There is no single model of corporate governance. Governance practices vary not only across countries but also across firms and industry sectors. However, one of the most striking differences between countries’ corporate governance systems is in the ownership and control of firms that exist across countries. Systems of corporate governance can be distinguished according to the degree of ownership and control and the identity of controlling shareholders. Olivier (2000) explained that shareholders are the first stakeholder and they are individuals who own stock / shares in a company with the aim of making profit. If the company does well, they stand to make money based on how many shares they invested. However, if the company does badly, then the shareholder stands to lose his/her investment. The shareholder model explains the purpose of the corporation is to promote shareholder
value and to serve a wider range of interests. Shareholder model of corporate governance is known as the formal system of accountability of senior management to other shareholders.
Shareholders model has a narrow view of relating investor with business manager on like the stakeholder model that takes a broader view of the firm. Olivier (2000) explained that shareholders are the first stakeholder and they are individuals who own stock / shares in a company with the aim of making profit. If the company does well, they stand to make money based on how many shares they invested. However, if the company does badly, then the shareholder stands to lose his/her investment. The shareholder model explains the purpose of the corporation is to promote shareholder value and to serve a wider range of interests
According to the shareholder model, the main objectives of any firm is to maximize shareholder wealth through effective and efficient allocation of resources in a productive and dynamic ways, this is to say, that the objective of the firm is to maximize profits (Maher and Anderson, 1999). Shareholders cannot achieve these objectives in isolation without the full involvement of business manager. Therefore, managers and directors have an implicit obligation to ensure that firms are run in the interests of shareholders. This is an underline problem of corporate governance which the principal-agent relationship arise from the separation of beneficial ownership and executive decision-making. The bane of this problem is the conflict of interest between the shareholders and managers. Investors are interested in maximizing shareholder value; managers may have other objectives such as maximizing their salaries. According to Maher and Anderson (1999), the interests and objectives of the principal (the investors) and the agent (the managers) differ when there is a separation of ownership and control. Since the managers are not the owners of the firm they do not bear the full costs, or reap the full benefits, of their actions.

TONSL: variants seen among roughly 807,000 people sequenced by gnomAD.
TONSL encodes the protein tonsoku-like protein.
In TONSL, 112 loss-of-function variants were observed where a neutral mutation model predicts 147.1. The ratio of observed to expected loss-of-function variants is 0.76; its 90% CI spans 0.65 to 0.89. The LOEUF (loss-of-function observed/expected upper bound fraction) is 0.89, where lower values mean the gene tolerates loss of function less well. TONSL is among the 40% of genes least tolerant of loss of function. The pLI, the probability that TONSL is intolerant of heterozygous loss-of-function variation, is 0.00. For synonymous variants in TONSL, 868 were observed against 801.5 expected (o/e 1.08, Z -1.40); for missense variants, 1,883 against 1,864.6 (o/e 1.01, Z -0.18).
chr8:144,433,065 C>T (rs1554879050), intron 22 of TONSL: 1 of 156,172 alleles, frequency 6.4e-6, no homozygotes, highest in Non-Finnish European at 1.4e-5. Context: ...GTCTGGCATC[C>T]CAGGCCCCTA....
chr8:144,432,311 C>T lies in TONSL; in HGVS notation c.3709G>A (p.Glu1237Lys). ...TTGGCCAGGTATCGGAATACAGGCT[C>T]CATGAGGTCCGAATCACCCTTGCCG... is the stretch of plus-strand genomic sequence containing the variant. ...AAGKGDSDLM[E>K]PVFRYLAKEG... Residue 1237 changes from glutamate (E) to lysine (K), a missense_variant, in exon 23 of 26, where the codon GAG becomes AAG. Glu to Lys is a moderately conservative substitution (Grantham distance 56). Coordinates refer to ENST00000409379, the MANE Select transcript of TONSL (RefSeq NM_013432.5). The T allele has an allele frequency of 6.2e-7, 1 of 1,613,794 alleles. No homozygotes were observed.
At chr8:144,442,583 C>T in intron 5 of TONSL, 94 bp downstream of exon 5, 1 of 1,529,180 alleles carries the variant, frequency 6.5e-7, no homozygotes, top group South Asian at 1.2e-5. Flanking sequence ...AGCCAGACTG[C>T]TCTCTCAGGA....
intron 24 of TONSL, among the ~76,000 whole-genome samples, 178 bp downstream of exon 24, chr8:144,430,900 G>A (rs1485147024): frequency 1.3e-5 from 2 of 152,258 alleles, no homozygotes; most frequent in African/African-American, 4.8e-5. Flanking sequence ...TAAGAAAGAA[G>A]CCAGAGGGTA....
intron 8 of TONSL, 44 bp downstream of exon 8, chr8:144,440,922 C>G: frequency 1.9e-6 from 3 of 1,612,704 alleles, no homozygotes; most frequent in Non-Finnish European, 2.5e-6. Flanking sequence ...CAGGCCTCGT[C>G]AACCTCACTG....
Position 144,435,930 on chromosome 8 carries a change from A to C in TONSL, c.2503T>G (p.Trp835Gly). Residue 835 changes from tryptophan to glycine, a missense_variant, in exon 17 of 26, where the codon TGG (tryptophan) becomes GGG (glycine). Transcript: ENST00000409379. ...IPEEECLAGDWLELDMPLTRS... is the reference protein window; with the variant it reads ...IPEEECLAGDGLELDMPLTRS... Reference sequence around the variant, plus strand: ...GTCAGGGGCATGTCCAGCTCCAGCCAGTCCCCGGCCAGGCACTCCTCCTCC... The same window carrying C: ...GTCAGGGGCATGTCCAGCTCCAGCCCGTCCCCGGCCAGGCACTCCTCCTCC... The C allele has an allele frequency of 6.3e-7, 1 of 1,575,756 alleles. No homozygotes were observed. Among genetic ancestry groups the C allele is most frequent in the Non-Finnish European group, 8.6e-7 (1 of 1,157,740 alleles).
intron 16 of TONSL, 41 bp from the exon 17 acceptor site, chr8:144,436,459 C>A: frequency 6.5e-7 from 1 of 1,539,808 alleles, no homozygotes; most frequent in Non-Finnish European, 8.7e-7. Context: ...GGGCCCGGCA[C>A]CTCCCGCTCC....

It should be recalled that there is an interaction between capital, management and labour (Aguilera and Jackson, 2003). The omission of labour in most literatures of corporate governance mirrors weak employee involvement in the United States relative to that in economies such as Germany or Japan where the participation of labour is politically important and most times a basis of competitive advantage (Blair & Roe, 1999; Parkinson & Kelly 2001; Aguilera & Jackson, 2003). The role of employees in corporate governance is assumed to relate to their ability to
influence corporate decision making and control firms’ resources. There are some rules which limit managerial authority: shop floor-level job control, collective bargaining, and labour law (Marsden, 1999; Tilly & Tilly, 1998; Aguilera & Jackson, 2003). Aguilera and Jackson (2003) came up with a model that focuses on two vital dimensions that defines the relationship of an employee to making corporate decisions, these dimensions are:
• Employee’s strategies of internal participation versus external control – this dimension explain how employees describe their interests in relation to corporate decision making. The external control refers to situations where management has the right to decision making. This is where the employees seek to control the firms’ decision externally by assuming threats such as strikes. The representation of an employee is independent of management and preserved in strict separation from cooperative institutions that engage labour in the decision making of the firm.
Employees also can participate in the firms’ decision making internally through internal channels of decision making to co-determine management actions (Streeck, 2001). This participation of employees does not stop the authority of managers but aims at democratizing decisions. Internal participation tends to have strong integrative functions, encouraging consensus and cooperation in the implementation of decisions.
Portable versus firm-specific skills – when the employee skills are "portable" across the firms or when investments are low, employees may favour exit over voice in response to grievances. On the contrary, when employee skills are firm-specific, their greater dependence on the firm makes the option to exit more difficult (Williamson, Watcher, & Harris, 1975). When employees invest in firm-specific skills thus create incentives to exercise voice in how those skills are formed and deployed. Employees may have interest in the safeguarding the organization and their job security. Therefore, similar to the liquidity or commitment of capital, skills influence the degree to which employees have a "stake" in the firm (Aguilera
& Jackson, 2003).
Aguilera and Jackson (2003) explained that the extent of which the internal participation/external control and portable/firm-specific skills within the firm is shaped by three sets of institutions. These are: the firm-level representation rights given to workers, the organisation of unions and the institutions of skills formation.